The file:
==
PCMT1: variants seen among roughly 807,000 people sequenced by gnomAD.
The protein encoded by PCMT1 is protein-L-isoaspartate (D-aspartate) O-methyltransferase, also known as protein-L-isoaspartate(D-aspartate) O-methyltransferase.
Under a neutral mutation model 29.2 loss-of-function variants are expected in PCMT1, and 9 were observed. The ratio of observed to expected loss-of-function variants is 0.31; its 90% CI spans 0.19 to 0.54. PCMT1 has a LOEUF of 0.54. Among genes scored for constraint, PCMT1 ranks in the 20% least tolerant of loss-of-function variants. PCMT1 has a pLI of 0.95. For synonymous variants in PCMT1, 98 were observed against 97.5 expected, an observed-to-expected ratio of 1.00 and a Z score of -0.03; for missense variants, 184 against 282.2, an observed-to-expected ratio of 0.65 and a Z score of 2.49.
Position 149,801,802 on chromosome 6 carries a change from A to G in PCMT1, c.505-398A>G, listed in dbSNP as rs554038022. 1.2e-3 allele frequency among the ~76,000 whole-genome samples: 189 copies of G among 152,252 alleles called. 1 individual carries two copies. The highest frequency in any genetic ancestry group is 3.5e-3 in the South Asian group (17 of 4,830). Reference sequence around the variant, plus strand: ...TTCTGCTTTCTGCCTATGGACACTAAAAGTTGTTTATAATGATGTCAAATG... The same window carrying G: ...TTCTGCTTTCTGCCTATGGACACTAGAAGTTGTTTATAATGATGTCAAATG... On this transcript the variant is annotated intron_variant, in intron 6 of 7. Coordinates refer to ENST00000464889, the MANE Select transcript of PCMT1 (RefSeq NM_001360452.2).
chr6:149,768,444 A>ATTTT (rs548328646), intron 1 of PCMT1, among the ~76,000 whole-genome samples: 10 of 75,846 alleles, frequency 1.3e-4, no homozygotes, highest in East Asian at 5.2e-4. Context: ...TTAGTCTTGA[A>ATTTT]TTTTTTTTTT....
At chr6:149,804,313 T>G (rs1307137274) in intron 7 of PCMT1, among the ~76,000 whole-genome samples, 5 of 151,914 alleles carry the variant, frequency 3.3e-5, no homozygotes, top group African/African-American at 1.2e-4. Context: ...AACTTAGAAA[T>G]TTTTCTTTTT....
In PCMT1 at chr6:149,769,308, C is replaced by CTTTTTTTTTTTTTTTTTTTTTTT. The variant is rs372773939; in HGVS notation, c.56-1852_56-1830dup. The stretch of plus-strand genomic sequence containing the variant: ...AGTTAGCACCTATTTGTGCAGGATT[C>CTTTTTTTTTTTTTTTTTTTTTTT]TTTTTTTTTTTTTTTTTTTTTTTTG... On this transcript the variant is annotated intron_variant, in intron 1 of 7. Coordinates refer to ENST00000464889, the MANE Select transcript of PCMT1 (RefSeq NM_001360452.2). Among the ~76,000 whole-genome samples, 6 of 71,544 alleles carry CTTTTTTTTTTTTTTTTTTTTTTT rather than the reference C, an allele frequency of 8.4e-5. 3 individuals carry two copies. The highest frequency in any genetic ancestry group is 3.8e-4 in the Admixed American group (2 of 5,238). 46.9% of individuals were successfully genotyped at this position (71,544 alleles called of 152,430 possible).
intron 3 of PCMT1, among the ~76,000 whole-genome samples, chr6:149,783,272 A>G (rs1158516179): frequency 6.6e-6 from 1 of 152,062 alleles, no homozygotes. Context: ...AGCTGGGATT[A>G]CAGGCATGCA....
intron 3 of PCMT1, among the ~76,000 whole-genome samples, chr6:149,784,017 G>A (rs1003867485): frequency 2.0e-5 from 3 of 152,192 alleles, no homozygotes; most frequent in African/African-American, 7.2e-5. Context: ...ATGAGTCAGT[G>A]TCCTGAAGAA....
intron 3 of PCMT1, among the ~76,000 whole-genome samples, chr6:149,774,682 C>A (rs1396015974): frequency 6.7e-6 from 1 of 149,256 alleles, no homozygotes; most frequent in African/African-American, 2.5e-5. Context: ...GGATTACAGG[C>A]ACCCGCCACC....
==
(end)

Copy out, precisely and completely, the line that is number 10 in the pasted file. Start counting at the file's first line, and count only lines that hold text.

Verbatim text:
intron 3 of PCMT1, among the ~76,000 whole-genome samples, chr6:149,774,682 C>A (rs1396015974): frequency 6.7e-6 from 1 of 149,256 alleles, no homozygotes; most frequent in African/African-American, 2.5e-5. Context: ...GGATTACAGG[C>A]ACCCGCCACC....